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How to improve your software brochure

Tips to make your software brochures more appealing to potential customers

Last year I reviewed a vast number of intelligence software platforms, which meant I had the opportunity to read through a wide variety of software brochures. Some of them were great, some were not so great.

Based on that experience, I’ve written a mini-guide to brochures from the point of view of a potential customer to help anyone currently producing one. I’m sure there’s loads of points I’ve missed off here, so feel free to add any others in the comments, or tell me these tips are shite and you disagree. Either way its engagement I guess. Anyway, without further ado:

1.      Do not justify the text. Yes, it looks much neater from a distance, but it makes actually reading the thing much harder as it feels like you’re looking at a wall of text.

It’s much easier to find the next line in a paragraph if the lines are of uneven length, and the large, uneven gaps between words that appear when a short sentence is stretched across an entire line look unprofessional.

This article by @Meetchopz on medium.com has loads more typography tips that will help you make your text more appealing.

2.      Include screenshots if possible. It’s a cliché but a picture really does paint a thousand words. If you tell me that your product can “Leverage modular alignment using a third-generation indexing functionality to reimagine your compatible management flexibility”, I will assume that the rest of your content will also be way above my station and skim read it at best.

However, if you show me what your product does using screenshots, I’m much more likely to understand it and think about how it could benefit my work.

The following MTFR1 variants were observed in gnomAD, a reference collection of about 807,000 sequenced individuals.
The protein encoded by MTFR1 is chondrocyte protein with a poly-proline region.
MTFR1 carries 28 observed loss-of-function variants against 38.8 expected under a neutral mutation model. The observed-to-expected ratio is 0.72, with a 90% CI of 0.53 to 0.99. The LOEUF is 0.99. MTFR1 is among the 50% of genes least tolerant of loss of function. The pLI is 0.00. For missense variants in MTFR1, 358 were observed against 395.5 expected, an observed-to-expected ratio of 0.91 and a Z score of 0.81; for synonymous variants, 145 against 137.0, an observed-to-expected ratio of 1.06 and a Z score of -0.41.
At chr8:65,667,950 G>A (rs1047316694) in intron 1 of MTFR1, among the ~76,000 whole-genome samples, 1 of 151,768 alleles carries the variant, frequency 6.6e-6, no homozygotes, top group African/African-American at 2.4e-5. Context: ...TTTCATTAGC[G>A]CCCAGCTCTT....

3.      Even better than screenshots, include a customer journey – a series of pictures that show how a user of your platform would carry out a certain task, so I can see how much easier that process is than the one I currently have to do.

4.      It is really tempting to describe every last feature and functionality of your platform. Of course it is, you’ve slaved away at it and spent hours getting it perfect. However, to get your message across to potential customers quickly (and you really do only have a short amount of time to grab their attention), concentrate on its main features.

If I had just invented Microsoft Word and was creating a brochure for it, I would probably focus on its word processing capabilities rather than highlighting things like the possibility to insert WordArt (as tempting as that may be).

5.      Add hyperlinks. I was lazy enough as it was even before the purgatorial hell that is lockdown, so expecting me to copy and paste a URL can be pushing it a bit now. Give me a link to click and I’m much more likely to visit your site for further information. Add these hyperlinks in the main body of the text where appropriate and in the footer of each page so they are always visible to me.

6.      Tell me who else is using your platform (if confidentiality clauses allow). If I know them or have a contact in their organisation, I’ll get in touch with them and find out what they think of it. Another unbiased industry-professional telling me your platform adds value will do more to promote your product to me than any sales pitch could.

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